Observing Lent is one thing. But in a culture that gives us more and more opportunities to deny ourselves things for the sake of denial, we should think carefully before introducing more rulesby Samuel Pollen / February 14, 2018 / Leave a comment
The question is all but unavoidable: what are you giving up?
Is it chocolate? Crisps? Pizza? Ice cream? If you’re short of ideas, newspapers will happily supply them. This Lent, you can give up coffee! Or beef! Or beer! You can give up anything you want—but you have to give up something.
Before addressing the what, though, there’s another question you should ask yourself: why?
If you’re religious, the answer is easy. Christians have been giving things up for Lent for two thousand years. It’s tradition. It’s an act of observance. And while it’s not for me, I have no problem with that concept.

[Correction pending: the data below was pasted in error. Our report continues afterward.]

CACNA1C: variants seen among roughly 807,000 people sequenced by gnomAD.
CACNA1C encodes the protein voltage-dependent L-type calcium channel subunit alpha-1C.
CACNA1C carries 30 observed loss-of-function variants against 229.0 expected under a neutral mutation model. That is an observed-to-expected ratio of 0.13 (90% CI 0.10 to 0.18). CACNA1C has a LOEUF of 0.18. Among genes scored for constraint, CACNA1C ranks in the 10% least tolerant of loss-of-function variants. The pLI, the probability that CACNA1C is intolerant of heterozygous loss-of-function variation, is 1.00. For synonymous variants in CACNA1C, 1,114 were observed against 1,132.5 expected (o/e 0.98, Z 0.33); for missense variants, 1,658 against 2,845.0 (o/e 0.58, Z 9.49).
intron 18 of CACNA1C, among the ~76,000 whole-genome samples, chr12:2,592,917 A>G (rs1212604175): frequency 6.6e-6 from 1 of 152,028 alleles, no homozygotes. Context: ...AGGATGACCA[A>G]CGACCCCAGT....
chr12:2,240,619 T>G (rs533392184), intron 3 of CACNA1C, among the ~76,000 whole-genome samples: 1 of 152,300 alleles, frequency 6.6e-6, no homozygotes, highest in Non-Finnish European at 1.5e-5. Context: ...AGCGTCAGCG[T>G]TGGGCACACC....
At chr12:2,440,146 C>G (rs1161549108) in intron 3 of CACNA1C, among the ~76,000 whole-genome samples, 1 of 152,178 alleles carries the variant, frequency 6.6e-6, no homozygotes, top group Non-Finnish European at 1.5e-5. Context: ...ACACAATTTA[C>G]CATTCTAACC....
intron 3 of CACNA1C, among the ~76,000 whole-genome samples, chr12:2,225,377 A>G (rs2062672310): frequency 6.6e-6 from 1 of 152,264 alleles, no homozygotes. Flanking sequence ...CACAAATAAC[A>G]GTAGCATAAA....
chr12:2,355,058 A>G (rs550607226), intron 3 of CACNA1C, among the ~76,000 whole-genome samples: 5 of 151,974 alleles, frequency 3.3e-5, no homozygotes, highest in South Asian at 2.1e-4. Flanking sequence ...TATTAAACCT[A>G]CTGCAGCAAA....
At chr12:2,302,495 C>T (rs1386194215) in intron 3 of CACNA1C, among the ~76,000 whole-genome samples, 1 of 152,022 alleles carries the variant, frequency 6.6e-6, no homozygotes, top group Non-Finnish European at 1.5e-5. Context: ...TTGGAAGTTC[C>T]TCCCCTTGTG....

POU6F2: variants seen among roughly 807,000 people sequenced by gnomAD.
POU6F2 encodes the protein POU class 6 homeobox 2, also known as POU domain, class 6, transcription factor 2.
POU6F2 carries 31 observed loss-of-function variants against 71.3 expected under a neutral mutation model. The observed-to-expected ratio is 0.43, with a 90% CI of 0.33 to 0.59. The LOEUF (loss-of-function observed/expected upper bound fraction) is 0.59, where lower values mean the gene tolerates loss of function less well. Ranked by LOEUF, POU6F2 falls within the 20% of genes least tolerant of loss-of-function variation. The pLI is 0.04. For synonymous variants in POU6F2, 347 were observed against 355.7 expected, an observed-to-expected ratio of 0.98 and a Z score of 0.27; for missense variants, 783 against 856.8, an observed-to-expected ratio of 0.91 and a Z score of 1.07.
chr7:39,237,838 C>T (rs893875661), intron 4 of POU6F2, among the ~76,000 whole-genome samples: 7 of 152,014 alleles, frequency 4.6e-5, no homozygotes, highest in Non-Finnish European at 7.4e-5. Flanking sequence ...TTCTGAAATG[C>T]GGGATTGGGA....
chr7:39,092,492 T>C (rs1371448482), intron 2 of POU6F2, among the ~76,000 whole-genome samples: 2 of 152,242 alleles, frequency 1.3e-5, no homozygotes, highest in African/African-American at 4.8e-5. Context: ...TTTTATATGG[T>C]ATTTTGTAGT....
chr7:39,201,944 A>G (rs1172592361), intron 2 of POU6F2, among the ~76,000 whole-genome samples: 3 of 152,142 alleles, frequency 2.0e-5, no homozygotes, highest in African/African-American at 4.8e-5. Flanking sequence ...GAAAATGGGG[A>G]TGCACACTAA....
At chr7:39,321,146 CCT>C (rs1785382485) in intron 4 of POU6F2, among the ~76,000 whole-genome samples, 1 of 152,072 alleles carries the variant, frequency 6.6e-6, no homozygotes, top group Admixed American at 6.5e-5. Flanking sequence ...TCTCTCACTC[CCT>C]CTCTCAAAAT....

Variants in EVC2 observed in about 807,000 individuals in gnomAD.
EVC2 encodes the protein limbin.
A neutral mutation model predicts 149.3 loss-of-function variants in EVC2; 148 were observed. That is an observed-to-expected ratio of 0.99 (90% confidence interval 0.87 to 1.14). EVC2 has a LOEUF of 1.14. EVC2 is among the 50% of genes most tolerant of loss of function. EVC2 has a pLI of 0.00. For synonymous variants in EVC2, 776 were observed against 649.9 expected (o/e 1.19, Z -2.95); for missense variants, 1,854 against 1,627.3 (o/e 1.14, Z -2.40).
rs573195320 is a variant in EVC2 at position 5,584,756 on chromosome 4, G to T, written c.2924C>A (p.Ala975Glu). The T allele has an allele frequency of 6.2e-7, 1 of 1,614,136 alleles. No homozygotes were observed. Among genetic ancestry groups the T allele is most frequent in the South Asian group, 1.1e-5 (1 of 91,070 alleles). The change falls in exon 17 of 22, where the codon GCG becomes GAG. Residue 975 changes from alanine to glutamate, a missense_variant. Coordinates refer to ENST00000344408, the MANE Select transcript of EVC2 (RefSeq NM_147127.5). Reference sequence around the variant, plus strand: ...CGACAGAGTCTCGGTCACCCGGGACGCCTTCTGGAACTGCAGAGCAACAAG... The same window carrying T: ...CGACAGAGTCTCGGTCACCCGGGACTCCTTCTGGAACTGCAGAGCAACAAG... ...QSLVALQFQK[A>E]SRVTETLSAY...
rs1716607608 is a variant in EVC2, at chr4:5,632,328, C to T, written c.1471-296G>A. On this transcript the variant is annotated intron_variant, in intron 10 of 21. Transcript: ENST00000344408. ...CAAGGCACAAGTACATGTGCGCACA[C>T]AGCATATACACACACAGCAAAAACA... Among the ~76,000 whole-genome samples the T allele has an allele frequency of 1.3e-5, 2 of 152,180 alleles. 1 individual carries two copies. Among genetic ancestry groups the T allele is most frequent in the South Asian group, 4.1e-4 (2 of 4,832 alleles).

Fasting, though, has grown beyond its religious roots. Every year, thousands of people who are not religious choose to give up something or other for Lent. And that’s not all. Now, we have Dry January. We have the 5:2 diet. We have, improbably, the ‘Warrior Diet’, whose adherents fast for up to 20 hours every day, just like our hunter-gatherer ancestors apparently did. (The loincloth is optional.)
In an age of abundance, fasting has gone mainstream. We love to go without. We insist, on thin evidence, that all this fasting is good for our immune systems, our thinking, our youthful good looks. And we don’t really…